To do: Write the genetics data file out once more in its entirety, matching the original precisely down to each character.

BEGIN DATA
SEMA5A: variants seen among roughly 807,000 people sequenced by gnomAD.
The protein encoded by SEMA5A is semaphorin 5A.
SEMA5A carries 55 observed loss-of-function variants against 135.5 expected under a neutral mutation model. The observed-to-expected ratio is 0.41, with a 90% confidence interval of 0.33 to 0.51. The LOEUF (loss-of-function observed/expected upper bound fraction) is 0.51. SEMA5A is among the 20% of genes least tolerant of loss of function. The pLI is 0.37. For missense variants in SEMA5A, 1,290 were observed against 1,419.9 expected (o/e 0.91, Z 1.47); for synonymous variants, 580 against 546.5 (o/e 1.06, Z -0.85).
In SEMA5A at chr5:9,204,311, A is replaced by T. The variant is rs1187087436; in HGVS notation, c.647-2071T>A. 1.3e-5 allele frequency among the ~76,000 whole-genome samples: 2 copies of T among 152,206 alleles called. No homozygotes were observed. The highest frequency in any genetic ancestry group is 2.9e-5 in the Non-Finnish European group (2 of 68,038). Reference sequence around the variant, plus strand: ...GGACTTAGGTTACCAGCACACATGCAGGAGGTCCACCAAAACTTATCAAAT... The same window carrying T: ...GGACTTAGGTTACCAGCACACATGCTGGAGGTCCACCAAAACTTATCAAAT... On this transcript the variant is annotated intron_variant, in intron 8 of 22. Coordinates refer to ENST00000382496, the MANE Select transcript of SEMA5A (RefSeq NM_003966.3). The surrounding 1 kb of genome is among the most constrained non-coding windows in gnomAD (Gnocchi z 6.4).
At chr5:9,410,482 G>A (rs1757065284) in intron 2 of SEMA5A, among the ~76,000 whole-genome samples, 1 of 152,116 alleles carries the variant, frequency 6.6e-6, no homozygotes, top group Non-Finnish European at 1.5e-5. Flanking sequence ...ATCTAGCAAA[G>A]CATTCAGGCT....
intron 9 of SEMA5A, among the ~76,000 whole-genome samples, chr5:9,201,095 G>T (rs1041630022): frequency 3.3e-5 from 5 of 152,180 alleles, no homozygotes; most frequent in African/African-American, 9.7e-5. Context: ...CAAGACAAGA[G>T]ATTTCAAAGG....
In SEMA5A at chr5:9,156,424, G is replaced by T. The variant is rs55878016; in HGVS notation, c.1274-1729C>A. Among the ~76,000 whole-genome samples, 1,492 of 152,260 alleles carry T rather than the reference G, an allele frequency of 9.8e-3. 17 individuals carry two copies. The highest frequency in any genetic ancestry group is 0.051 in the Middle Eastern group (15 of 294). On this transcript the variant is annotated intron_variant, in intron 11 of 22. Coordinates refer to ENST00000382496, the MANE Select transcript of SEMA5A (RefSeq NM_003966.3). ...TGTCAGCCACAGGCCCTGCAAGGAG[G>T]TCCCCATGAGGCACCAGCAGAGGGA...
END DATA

SEMA5A: variants seen among roughly 807,000 people sequenced by gnomAD.
The protein encoded by SEMA5A is semaphorin 5A.
SEMA5A carries 55 observed loss-of-function variants against 135.5 expected under a neutral mutation model. The observed-to-expected ratio is 0.41, with a 90% confidence interval of 0.33 to 0.51. The LOEUF (loss-of-function observed/expected upper bound fraction) is 0.51. SEMA5A is among the 20% of genes least tolerant of loss of function. The pLI is 0.37. For missense variants in SEMA5A, 1,290 were observed against 1,419.9 expected (o/e 0.91, Z 1.47); for synonymous variants, 580 against 546.5 (o/e 1.06, Z -0.85).
In SEMA5A at chr5:9,204,311, A is replaced by T. The variant is rs1187087436; in HGVS notation, c.647-2071T>A. 1.3e-5 allele frequency among the ~76,000 whole-genome samples: 2 copies of T among 152,206 alleles called. No homozygotes were observed. The highest frequency in any genetic ancestry group is 2.9e-5 in the Non-Finnish European group (2 of 68,038). Reference sequence around the variant, plus strand: ...GGACTTAGGTTACCAGCACACATGCAGGAGGTCCACCAAAACTTATCAAAT... The same window carrying T: ...GGACTTAGGTTACCAGCACACATGCTGGAGGTCCACCAAAACTTATCAAAT... On this transcript the variant is annotated intron_variant, in intron 8 of 22. Coordinates refer to ENST00000382496, the MANE Select transcript of SEMA5A (RefSeq NM_003966.3). The surrounding 1 kb of genome is among the most constrained non-coding windows in gnomAD (Gnocchi z 6.4).
At chr5:9,410,482 G>A (rs1757065284) in intron 2 of SEMA5A, among the ~76,000 whole-genome samples, 1 of 152,116 alleles carries the variant, frequency 6.6e-6, no homozygotes, top group Non-Finnish European at 1.5e-5. Flanking sequence ...ATCTAGCAAA[G>A]CATTCAGGCT....
intron 9 of SEMA5A, among the ~76,000 whole-genome samples, chr5:9,201,095 G>T (rs1041630022): frequency 3.3e-5 from 5 of 152,180 alleles, no homozygotes; most frequent in African/African-American, 9.7e-5. Context: ...CAAGACAAGA[G>T]ATTTCAAAGG....
In SEMA5A at chr5:9,156,424, G is replaced by T. The variant is rs55878016; in HGVS notation, c.1274-1729C>A. Among the ~76,000 whole-genome samples, 1,492 of 152,260 alleles carry T rather than the reference G, an allele frequency of 9.8e-3. 17 individuals carry two copies. The highest frequency in any genetic ancestry group is 0.051 in the Middle Eastern group (15 of 294). On this transcript the variant is annotated intron_variant, in intron 11 of 22. Coordinates refer to ENST00000382496, the MANE Select transcript of SEMA5A (RefSeq NM_003966.3). ...TGTCAGCCACAGGCCCTGCAAGGAG[G>T]TCCCCATGAGGCACCAGCAGAGGGA...